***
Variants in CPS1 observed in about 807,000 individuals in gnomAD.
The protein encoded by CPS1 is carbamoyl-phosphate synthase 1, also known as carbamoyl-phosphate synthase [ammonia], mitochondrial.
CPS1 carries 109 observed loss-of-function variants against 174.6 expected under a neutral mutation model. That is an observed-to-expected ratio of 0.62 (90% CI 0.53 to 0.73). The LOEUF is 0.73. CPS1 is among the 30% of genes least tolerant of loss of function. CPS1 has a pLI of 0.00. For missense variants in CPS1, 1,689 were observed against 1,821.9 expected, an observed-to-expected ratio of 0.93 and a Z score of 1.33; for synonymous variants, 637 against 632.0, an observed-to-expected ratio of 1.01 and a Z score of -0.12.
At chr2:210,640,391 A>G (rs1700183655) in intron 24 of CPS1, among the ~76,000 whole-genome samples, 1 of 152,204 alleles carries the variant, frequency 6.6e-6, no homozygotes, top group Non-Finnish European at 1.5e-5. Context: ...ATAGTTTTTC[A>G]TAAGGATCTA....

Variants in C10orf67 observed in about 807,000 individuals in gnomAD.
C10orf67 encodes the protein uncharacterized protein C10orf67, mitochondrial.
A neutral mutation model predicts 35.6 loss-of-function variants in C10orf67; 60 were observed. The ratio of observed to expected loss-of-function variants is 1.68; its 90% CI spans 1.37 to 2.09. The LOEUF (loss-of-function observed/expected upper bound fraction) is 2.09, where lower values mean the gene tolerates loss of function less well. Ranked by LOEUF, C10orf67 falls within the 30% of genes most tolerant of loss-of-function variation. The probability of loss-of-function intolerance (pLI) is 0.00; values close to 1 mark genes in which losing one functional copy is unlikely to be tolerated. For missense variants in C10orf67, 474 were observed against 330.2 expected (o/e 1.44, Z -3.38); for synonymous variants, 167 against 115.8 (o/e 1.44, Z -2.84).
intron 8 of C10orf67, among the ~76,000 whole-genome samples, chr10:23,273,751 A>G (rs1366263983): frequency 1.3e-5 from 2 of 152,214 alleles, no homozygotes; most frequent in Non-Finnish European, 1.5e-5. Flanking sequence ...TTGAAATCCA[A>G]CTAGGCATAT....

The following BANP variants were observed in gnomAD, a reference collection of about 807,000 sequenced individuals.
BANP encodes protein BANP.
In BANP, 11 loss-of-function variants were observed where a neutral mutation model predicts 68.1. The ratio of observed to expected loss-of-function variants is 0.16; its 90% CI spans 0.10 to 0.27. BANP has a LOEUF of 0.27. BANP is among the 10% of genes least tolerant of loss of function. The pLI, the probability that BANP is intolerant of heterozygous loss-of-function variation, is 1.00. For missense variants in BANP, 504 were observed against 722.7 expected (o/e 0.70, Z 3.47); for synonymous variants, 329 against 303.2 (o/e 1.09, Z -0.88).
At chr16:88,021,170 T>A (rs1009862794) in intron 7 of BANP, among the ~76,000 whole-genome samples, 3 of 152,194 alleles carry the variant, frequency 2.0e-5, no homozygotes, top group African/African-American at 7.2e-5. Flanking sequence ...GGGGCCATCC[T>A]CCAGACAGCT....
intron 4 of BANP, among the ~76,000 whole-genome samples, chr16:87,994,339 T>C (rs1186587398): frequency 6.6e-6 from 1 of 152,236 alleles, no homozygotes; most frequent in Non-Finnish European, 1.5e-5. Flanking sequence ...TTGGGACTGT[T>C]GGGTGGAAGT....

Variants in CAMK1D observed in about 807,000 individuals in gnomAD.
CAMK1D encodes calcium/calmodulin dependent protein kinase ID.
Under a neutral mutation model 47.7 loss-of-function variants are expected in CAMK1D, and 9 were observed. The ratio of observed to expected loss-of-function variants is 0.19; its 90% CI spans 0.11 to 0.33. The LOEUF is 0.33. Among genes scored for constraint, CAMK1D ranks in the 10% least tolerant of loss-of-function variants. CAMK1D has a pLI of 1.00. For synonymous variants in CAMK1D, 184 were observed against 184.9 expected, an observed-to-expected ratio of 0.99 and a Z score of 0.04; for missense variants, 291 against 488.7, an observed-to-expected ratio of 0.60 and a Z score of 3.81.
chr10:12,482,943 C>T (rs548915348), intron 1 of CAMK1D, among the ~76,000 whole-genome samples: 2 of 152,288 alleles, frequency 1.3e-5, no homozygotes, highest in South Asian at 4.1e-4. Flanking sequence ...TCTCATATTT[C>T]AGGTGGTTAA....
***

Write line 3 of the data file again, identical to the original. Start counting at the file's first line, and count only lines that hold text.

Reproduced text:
CPS1 carries 109 observed loss-of-function variants against 174.6 expected under a neutral mutation model. That is an observed-to-expected ratio of 0.62 (90% CI 0.53 to 0.73). The LOEUF is 0.73. CPS1 is among the 30% of genes least tolerant of loss of function. CPS1 has a pLI of 0.00. For missense variants in CPS1, 1,689 were observed against 1,821.9 expected, an observed-to-expected ratio of 0.93 and a Z score of 1.33; for synonymous variants, 637 against 632.0, an observed-to-expected ratio of 1.01 and a Z score of -0.12.